The day after my south Lancashire adventure, I went up to Fleetwood. Having seen my first-ever stonechat the day before, I wanted to get some better photographs of this species. They have been sighted at various locations around the Fylde coastline, but most consistently at Rossall Point, the north-westernmost tip. There's a golf course with scrub and dunes there, with a shingle beach and massive sand- and mudflats at low tide. On the landward side of the seawall, you can sometimes see nice passerines, but if they don't show (as on my last visit), you can usually find something on the nearby Marine Lakes (manmade bodies of water behind the dunes) or by/on the sea.

Photographing small birds in flight is not easy, even when they aren't moving about a lot. This one was quite high - maybe a hundred feet - and I had to resort to manual focusing as the camera can't handle something so small against the sky (these shots are massively cropped).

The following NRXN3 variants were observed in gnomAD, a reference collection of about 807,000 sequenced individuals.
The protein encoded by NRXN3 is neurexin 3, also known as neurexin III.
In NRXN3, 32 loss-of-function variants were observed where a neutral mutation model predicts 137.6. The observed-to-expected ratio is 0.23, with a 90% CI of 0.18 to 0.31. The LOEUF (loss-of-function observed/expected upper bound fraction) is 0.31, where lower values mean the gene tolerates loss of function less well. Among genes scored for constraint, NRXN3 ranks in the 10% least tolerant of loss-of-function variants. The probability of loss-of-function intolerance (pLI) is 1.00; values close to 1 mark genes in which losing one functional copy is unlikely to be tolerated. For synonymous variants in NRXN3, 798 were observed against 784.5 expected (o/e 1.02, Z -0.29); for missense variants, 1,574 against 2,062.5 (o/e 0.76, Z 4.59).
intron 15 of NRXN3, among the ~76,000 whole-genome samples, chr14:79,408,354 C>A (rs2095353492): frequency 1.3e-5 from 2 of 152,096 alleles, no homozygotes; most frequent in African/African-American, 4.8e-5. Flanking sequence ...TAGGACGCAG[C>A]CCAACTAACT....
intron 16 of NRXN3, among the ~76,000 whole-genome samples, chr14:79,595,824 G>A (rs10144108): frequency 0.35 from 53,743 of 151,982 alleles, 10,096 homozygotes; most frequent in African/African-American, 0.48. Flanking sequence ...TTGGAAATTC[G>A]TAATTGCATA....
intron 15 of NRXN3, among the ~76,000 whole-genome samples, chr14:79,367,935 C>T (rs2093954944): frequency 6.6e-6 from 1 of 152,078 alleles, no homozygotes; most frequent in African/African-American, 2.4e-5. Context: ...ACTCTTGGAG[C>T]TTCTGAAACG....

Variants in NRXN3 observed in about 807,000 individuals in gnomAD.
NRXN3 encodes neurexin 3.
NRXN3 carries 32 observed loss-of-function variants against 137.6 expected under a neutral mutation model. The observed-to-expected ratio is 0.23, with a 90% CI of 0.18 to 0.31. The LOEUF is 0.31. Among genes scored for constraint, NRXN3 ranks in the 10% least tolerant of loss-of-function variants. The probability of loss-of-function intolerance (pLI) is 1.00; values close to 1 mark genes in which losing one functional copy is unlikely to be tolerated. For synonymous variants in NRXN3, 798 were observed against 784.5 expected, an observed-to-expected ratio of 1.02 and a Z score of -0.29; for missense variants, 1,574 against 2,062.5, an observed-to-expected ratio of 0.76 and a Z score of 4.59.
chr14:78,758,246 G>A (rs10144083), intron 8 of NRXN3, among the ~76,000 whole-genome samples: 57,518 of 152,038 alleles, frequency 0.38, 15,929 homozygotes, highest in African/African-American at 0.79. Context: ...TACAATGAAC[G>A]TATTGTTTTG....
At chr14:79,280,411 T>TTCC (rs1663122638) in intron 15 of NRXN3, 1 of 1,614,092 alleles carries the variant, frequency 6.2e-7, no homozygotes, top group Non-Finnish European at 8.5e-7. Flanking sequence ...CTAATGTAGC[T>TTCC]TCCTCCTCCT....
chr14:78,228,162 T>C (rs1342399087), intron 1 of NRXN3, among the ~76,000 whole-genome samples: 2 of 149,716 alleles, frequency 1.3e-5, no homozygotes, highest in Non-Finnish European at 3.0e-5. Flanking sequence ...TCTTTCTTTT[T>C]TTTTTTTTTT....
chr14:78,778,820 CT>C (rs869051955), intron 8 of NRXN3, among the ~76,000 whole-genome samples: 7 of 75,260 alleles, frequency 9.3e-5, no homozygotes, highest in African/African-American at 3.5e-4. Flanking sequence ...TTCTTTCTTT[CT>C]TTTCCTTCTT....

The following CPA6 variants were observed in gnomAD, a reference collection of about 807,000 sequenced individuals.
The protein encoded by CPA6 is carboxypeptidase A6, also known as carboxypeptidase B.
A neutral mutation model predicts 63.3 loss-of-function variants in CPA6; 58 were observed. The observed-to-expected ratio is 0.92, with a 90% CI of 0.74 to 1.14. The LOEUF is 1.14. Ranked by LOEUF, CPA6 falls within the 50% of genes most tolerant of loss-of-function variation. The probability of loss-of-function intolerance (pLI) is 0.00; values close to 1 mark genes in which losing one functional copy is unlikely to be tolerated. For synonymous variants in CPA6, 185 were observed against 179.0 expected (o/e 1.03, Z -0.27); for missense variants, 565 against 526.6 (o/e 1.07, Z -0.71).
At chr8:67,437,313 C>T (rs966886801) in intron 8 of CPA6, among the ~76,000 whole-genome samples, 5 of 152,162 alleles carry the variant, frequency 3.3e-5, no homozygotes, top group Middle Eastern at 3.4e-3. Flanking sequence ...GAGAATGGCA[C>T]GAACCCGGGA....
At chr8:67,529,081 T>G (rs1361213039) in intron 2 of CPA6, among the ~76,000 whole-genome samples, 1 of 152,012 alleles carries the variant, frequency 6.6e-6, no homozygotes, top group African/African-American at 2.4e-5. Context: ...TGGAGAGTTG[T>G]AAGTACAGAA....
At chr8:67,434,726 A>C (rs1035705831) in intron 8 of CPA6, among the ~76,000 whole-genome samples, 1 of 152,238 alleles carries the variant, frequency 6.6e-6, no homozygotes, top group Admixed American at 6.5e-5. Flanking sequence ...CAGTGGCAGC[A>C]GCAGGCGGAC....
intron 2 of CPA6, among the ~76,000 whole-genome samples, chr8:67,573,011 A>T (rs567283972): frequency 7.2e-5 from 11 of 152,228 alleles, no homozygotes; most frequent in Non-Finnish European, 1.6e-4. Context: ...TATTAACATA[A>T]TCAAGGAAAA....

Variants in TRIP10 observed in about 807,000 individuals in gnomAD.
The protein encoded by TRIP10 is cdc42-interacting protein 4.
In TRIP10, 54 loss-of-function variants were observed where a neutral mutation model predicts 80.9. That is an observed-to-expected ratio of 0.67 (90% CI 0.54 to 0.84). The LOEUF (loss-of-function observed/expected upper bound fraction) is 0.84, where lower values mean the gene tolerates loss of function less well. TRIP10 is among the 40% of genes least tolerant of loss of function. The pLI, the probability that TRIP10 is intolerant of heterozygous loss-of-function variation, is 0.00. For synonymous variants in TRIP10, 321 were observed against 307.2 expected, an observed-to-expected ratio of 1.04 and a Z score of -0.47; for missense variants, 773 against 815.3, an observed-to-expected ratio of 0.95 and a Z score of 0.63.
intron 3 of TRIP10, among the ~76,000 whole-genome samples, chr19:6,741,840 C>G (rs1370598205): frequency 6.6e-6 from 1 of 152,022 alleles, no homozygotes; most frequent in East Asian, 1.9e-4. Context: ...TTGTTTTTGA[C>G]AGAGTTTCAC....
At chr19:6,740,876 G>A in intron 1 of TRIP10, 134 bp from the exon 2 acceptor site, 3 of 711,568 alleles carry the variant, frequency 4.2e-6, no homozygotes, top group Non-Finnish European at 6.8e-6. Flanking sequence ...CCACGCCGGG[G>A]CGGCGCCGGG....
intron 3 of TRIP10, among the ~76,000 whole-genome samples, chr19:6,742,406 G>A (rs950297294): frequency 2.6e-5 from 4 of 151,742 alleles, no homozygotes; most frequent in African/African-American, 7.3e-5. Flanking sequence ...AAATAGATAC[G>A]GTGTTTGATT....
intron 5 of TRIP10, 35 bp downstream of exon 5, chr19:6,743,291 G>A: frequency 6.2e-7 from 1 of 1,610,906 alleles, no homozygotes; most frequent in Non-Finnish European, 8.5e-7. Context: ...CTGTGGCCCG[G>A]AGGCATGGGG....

So I went not so much in expectation as mildly hopeful, especially as I wasn't looking for anything new this time. I walked up from Rossall Square tram stop to the coast, and followed the sea defences round until I got to the southwestern tip of the golf course. There wasn't anything notable on the beach or the sea (the tide was especially low, so everything was far off, and from what I could tell it was just gulls, and the odd cormorant). I crossed to the rough track between the golf course and the sea wall - it's always an amazing difference between either side, one noisy and often very windy, the other calm, and in this case bathed in mild sunshine (very different birds either side too, though gulls and oystercatchers cross over sometimes).

On the ground, striking a classic pose.